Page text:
I think the complex and Cadillac exclusive Blackwing V8 was Johan’s engine and his dream and the Ultimum battery pack cars that will all use the same propulsion parts represent a Cadillac future Mary imagined. I don’t think it’s at all settled whose vision is the right one.
Typical GM: the last generation Oldsmobile Bravada was introduced just as the entire make was canceled. It’s like how six-foot-eight economist John Kenneth Galbraith explained his not playing basketball: a distinct lack of coordination.
I don’t know the entire story, but I know several of the details. It’s pretty greasy.
We all know JDN was your classic, high-end luxury car kind of a guy with a distinct European flair, and that was his vision for Cadillac. This was a vision that, if implemented a mere 5-10 years earlier, may have survived, but it came about at the worst possible time, when GM was hemming and hawing on the future of Cadillac and what it would become. This also came as development of several critical vehicles were underway, and money was tight.
Johan thought Cadillac could be the new, American BMW it had always aspired to be since the dawn of Art and Science. Barra and the GM brass thought that was both too expensive, and outdated. So one of the two sides had to budge.
It was Johan.
More interesting than even the tragedy of the CT6 was the elimination of a higher-end car that would have sat above the CT6 in the Cadillac lineup…it was essentially the production version of the Cadillac Escala, the CT8. THIS was JDN’s most passionate project, and it was indeed coming to market.
In early 2018, GM management decided to kill the project entirely. Why? Lack of money, particularly with the development of the current gen full size SUVs and, more importantly, the ridiculously expensive C8 Corvette project. With the death of the CT8 flagship project came the abrupt end of the development of a RWD three-row crossover riding on the same Omega platform, which would have been our XT6. Without the CT8 and XT6 on Omega to justify it’s existence, GM determined that the slow-selling CT6 wasn’t enough to keep Omega in production.
That was it for Johan. Unable to reconcile with management over his vision that they destroyed, he was canned in April 2018.
Not wanting to spend money on Omega killed the CT6, yes, but it also was GM wanting to invest its money into something else entirely, EVs. The CT6 *might* have been worth keeping in production had it’s assembly plant not been targeted to be GM’s new electric vehicle manufacturing hub – it was produced at Det-Ham, the new home of GM’s onslaught of full-size EV pickups and SUVs. Transferring production to Lansing with the CT5 and CT4 was deemed way too expensive, so the CT6 was ended.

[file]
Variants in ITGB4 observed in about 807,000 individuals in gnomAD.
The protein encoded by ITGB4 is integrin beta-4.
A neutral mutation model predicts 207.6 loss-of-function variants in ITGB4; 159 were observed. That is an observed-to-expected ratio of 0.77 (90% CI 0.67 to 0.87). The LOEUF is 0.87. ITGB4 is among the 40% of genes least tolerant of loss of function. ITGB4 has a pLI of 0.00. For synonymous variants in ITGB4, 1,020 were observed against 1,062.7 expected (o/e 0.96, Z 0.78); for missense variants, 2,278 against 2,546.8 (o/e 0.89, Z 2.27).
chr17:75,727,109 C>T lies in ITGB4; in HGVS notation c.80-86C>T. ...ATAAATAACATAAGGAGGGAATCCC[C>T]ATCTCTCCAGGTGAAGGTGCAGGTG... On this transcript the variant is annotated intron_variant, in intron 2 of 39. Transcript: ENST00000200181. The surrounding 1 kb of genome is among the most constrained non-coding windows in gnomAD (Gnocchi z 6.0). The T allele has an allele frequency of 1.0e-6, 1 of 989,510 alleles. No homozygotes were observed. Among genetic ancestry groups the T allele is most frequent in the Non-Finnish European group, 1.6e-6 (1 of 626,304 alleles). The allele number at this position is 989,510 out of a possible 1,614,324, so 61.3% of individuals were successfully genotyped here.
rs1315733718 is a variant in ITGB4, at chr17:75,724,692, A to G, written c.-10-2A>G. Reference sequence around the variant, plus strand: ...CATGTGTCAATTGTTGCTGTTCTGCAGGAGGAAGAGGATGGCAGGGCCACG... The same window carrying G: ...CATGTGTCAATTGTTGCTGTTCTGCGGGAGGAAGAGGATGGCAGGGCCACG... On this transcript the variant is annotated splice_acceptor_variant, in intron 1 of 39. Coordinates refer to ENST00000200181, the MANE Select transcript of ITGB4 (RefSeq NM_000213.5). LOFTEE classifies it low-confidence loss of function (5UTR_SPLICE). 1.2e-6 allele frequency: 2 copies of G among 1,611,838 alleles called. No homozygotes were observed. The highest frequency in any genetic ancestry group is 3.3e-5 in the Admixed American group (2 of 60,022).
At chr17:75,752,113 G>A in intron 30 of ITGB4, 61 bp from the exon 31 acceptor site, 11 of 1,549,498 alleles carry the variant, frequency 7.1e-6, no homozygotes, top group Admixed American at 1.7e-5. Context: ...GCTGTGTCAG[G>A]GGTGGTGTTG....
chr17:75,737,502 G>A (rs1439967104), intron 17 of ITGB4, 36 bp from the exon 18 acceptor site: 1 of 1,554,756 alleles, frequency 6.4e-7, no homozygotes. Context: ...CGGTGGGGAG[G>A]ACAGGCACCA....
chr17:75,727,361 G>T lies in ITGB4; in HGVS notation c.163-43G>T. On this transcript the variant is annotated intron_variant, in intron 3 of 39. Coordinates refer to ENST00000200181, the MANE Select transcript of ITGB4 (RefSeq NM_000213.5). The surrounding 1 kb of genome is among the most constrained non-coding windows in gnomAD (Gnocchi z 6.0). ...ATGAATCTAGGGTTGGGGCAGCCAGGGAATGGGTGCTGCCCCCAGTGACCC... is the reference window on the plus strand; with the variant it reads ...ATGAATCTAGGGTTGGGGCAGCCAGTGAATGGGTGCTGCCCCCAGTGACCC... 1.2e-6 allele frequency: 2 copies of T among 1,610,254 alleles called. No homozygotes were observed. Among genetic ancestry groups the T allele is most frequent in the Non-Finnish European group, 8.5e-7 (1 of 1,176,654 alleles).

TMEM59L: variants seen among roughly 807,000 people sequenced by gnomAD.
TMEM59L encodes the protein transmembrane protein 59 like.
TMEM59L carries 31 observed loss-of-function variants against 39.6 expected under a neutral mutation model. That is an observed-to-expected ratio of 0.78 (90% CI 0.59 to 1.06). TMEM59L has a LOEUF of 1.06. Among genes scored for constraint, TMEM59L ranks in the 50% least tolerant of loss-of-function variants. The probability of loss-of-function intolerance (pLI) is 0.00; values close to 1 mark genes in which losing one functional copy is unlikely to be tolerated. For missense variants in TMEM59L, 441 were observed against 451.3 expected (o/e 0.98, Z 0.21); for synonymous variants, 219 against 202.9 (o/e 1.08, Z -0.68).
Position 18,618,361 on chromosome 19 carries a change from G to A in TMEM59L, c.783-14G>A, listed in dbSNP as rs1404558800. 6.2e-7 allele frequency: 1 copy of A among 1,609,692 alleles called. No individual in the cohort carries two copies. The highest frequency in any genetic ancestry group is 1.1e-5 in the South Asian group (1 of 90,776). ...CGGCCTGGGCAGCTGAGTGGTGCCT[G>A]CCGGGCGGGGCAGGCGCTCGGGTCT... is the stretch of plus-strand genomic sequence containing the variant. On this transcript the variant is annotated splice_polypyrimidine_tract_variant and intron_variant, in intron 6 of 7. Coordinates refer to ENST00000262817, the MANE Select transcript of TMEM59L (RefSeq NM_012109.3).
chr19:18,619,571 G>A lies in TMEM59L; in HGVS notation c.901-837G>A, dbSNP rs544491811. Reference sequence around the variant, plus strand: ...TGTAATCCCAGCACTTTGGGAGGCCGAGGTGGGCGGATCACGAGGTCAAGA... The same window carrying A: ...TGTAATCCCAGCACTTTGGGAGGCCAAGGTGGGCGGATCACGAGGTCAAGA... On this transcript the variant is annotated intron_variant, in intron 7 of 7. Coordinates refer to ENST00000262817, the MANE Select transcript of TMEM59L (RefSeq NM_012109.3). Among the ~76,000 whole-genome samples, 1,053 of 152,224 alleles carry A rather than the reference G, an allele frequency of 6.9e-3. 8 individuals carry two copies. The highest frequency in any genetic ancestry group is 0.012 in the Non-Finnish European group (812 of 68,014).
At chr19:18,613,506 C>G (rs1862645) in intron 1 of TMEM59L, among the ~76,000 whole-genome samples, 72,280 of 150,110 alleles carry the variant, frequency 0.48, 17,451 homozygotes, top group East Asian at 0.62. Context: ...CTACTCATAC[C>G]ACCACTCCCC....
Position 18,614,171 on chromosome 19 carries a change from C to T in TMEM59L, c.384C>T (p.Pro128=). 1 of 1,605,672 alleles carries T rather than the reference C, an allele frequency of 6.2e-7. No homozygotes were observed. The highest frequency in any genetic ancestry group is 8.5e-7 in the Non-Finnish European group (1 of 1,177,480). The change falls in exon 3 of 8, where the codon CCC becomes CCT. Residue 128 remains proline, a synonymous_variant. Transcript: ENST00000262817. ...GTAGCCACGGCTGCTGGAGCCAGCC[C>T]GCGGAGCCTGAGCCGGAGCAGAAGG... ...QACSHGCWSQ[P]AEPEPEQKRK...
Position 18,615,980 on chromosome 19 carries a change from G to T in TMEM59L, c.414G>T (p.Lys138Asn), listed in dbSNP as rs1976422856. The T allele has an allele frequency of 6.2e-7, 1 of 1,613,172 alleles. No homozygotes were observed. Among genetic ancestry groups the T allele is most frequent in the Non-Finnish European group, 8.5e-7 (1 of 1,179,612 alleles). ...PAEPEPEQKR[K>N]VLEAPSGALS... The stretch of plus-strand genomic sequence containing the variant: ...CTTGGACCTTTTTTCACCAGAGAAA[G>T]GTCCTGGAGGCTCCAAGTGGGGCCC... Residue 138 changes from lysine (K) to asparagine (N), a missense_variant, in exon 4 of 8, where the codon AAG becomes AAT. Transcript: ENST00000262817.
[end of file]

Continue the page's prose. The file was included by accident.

Now, why the back and forth on the CT6 being dead, then alive, then dead again, etc…I have no idea. I do think GM seriously considered moving production to Lansing, or alternatively, importing the car from China. But with the expenses and tariffs, that wouldn’t make any sense.
One silver lining to this story is the CT8. Though ended in it’s initial, Blackwing V8, RWD form, it’s development was revived and radically altered from an ICE vehicle to an EV…that’s the Cadillac Celestiq. Moving that car even further upmarket than the CT8 would have been, and making it exclusive and hand-built, GM was able to justify its development costs. Hence, Cadillac finally has a proper world-class luxury vehicle on the horizon.
I wish the CT6 was still around, and as far as I’m concerned, it’s life and death is among the most interesting GM stories in the company’s 100+ year history. The only thing we can hope is that the CT6 was the final example of GM killing a car just when they got it right. I guess time will tell.
G8Burnout, very nice writeup. I’m happy/lucky to have found (near me) a used 2019 with 1800 miles on it, and the resale value is already comfortably above my purchase price. The CT6-V should become more iconic over time, as it kind of marks the end of GM’s “flagship” lux/perf ICE ventures.
I spent two years chasing CTS-Vs but decided leg room in the back seat was also a priority, thus the CT6-V.
I was at the dealer about three weeks ago and saw this car. Don’t care for a CT6 without chrome trim around the side glass. I’m surprised it hasn’t sold since it’s of such special interest.
BTW: The dealer is in Shoreline, Washington and not Renton.
EDIT: I’M AT THE DEALER NOW GETTING AN OIL CHANGE. AS OF TODAY, FEB. 16, IT’S STILL AVAILABLE.
GM never should have dropped the CT6 in North America
I believe they still produce the basic version of the CT6 in China.
This V version shows us what Cadillac is truly capable of.
The market shift to crossovers and SUVs is what killed this vehicle in the U.S.